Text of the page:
Click here for more info.

45th Annual Redondo Beach Pier Festival of the Kite

Location: Redondo Beach Pier

45th Annual Redondo Beach Pier Festival of the Kite is presented by Miller Children’s and WOmen’s Hospital, Redondo Pier Association and Sunshine Kite Comapny. The Redondo Pier host one of the longest-running kite festivals in the country. The event is free and suited for all ages with prizes going to the best hand-made kite. The event is scheduled to coincide with Daylight Savings Time. The festival will feature live music, dance performances, demonstrations, giveaways and more.

Click here for more info.

 

10 Simple Curb Appeal Secrets

Boost your home’s curb appeal without draining your wallet. These simple, budget-friendly fixes—like adding a wreath, painting the front door, or tending to the landscape—will make your home look like a million bucks.

Refresh a Planter

Pay attention to your planters. Add character and interest to your home by planting flowers in salvaged or repurposed containers, like barrels, birdbaths, and wheelbarrows. Look for inspiration in items you already own and at flea markets.

Have a Seat

Seating can add major curb appeal without much cash. Look for something simple and eye-catching, like a pair of chairs found on Craigslist or a repurposed wooden bench. Add color with cushions and bright pillows—just be sure to use durable, weather-resistant fabrics.

Lantern Light

 

Flea market finds—like these majestic lanterns—add rustic beauty at little cost. Keep your eyes open at thrift stores, flea markets, and garage sales for statement pieces that can flank a front porch.

Add a Wreath

Wreaths aren’t just for the holidays. Dress up your front door year-round with wreaths in a variety of fun textures and designs. Snag decor at a discount by planning ahead and buying items well in advance. Fall wreaths, for example, go on sale in November and December, so buy at a reduced price, then store until September rolls around.

Keep It Bright

 

Make a statement with a colorful front door. A fresh coat of paint can work wonders on any surface, and a bright hue ensures that your home will stand out in a sea of neutral colors. Simple materials you likely already have on hand—paint, primer, and brushes—keep costs low.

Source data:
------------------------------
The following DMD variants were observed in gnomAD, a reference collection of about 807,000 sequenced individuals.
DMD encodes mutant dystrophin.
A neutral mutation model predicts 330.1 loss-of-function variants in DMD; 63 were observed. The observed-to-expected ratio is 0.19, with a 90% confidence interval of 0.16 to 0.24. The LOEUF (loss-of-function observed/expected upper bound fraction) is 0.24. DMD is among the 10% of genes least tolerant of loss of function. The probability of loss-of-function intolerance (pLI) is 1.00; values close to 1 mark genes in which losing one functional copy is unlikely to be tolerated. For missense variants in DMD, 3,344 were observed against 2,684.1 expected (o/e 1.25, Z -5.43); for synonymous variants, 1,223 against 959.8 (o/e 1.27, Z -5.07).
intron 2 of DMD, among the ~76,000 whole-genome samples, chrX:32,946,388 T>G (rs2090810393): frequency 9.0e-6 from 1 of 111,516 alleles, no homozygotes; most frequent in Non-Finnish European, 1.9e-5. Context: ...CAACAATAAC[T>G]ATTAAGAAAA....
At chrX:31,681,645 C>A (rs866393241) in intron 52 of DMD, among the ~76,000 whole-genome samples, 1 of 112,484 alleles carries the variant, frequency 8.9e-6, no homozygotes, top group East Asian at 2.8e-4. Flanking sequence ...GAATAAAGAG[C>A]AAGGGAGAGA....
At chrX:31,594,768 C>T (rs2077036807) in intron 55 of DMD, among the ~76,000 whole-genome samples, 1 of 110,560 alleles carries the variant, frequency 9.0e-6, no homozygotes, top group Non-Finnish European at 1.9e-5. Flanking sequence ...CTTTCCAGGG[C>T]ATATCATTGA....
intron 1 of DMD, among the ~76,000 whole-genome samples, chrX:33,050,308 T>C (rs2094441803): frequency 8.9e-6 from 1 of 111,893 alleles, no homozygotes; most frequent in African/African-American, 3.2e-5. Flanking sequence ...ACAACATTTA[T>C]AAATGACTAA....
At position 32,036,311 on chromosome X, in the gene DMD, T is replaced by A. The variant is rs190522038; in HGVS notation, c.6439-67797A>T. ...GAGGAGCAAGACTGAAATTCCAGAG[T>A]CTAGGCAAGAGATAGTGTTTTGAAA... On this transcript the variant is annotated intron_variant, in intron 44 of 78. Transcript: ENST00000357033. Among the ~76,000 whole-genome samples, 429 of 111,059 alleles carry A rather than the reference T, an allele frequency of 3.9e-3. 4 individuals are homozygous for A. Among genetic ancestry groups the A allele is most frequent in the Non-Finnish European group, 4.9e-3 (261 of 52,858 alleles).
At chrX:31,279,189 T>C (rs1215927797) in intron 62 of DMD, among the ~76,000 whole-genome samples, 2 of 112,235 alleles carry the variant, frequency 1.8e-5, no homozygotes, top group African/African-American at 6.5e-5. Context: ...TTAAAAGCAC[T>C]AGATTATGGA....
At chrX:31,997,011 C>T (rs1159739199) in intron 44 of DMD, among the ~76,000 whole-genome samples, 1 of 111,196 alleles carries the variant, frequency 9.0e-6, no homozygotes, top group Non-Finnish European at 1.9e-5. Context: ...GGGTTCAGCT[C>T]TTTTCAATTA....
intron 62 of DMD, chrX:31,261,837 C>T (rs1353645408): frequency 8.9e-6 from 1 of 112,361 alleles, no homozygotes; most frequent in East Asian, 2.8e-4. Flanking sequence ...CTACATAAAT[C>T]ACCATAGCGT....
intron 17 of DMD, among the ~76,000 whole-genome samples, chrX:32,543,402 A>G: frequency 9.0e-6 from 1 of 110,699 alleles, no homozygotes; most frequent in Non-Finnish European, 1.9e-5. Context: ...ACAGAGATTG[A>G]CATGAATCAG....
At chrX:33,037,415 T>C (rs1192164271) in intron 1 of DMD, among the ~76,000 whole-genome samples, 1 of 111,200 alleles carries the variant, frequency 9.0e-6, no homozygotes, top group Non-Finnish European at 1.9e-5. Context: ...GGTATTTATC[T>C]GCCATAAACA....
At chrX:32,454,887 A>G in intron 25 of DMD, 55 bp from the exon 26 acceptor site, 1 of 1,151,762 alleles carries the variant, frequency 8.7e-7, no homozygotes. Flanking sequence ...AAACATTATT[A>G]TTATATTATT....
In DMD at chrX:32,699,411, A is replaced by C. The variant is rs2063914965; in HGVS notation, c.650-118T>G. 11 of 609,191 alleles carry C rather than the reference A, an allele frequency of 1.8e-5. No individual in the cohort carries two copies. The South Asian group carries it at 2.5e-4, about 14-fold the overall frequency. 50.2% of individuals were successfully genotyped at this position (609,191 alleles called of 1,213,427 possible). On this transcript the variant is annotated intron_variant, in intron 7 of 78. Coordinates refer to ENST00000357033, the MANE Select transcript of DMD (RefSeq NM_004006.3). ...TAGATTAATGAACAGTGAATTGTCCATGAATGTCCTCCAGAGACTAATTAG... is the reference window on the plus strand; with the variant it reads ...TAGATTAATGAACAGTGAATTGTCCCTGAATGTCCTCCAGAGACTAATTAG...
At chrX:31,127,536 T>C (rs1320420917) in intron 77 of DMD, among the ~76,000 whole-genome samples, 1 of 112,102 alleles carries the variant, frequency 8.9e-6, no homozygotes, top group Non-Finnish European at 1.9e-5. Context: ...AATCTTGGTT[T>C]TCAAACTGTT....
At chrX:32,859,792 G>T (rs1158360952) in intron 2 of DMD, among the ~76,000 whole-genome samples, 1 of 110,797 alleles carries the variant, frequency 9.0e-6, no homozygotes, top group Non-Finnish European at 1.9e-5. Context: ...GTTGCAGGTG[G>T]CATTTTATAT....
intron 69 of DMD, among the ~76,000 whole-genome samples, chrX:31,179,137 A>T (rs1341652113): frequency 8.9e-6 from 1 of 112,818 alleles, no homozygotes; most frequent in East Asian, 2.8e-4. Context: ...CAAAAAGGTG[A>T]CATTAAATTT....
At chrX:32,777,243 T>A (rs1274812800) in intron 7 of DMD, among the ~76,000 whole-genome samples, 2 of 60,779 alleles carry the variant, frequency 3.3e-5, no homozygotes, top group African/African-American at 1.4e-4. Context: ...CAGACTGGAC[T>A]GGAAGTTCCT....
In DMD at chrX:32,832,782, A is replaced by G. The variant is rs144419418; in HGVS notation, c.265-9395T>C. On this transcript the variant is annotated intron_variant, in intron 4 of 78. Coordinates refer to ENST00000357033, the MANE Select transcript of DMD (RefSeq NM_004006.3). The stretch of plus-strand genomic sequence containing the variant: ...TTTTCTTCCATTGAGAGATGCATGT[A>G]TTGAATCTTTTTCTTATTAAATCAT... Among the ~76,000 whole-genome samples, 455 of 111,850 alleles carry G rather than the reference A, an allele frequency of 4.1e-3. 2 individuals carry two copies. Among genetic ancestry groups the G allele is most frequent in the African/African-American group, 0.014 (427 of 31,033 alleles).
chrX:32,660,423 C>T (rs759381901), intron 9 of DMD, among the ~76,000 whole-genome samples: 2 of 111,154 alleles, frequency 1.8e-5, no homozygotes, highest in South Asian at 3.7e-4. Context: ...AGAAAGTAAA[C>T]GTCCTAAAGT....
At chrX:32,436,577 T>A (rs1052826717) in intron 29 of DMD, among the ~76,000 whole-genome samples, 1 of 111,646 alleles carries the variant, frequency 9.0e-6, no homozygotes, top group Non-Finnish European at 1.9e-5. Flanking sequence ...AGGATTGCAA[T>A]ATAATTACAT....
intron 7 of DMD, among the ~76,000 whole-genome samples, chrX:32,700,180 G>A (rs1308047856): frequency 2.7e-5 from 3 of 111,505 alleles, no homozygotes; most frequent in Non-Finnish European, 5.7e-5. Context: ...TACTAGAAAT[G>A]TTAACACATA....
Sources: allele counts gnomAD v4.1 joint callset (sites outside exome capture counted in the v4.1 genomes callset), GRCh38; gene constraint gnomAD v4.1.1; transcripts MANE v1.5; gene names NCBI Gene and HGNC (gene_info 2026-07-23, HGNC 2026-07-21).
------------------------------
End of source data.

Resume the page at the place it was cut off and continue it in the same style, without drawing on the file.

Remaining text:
Light It Up

Warm lights and lanterns give off a homey vibe without much effort. You likely already have some sort of porch lighting, but consider adding a spotlight on a favorite tree or lanterns along a walkway.

Simple Symmetry

Symmetry is pleasing to the eye, but it can be difficult to obtain in home design—especially if your home wasn’t built with balance in mind. Capture the effect without a remodel by creating a symmetrical front porch or walkway. Matching potted plants flanking a set of stairs or identical rocking chairs on each side of your front door will do the trick.

Build Character

High-end curb appeal lets your home stand out—in a good way. The key is to play to your home’s strengths and architecture. If you’re on a budget, pick one feature to home in on—like shrubbery, lighting, or the front door—and make it the focal point of your exterior.

Courtesy of: Better Homes & Gardens

Fun things to do in LA this March

There’s more to this month then March Madness. With so many fun activities in LA we thought you might need more then the weekend round-up. Read below for a collection of events happening throughout  the month and discover your inner Angeleno!

Obvious Plant’s Museum of Toys Pop Up (March 1-17)

Obvious Plant’s Museum of Toys Pop Up opens its doors March 1 – 17 for a pop-up exhibit that showcases the alternate history of toys. The museum features interactive exhibits, photo opportunities with a life-size action figure box, and over 100 toys and games that have been altered with a funny spin, alongside Obvious Plant’s original toys. You can read our interview with the creator Jeff Wysaki, here. -> More information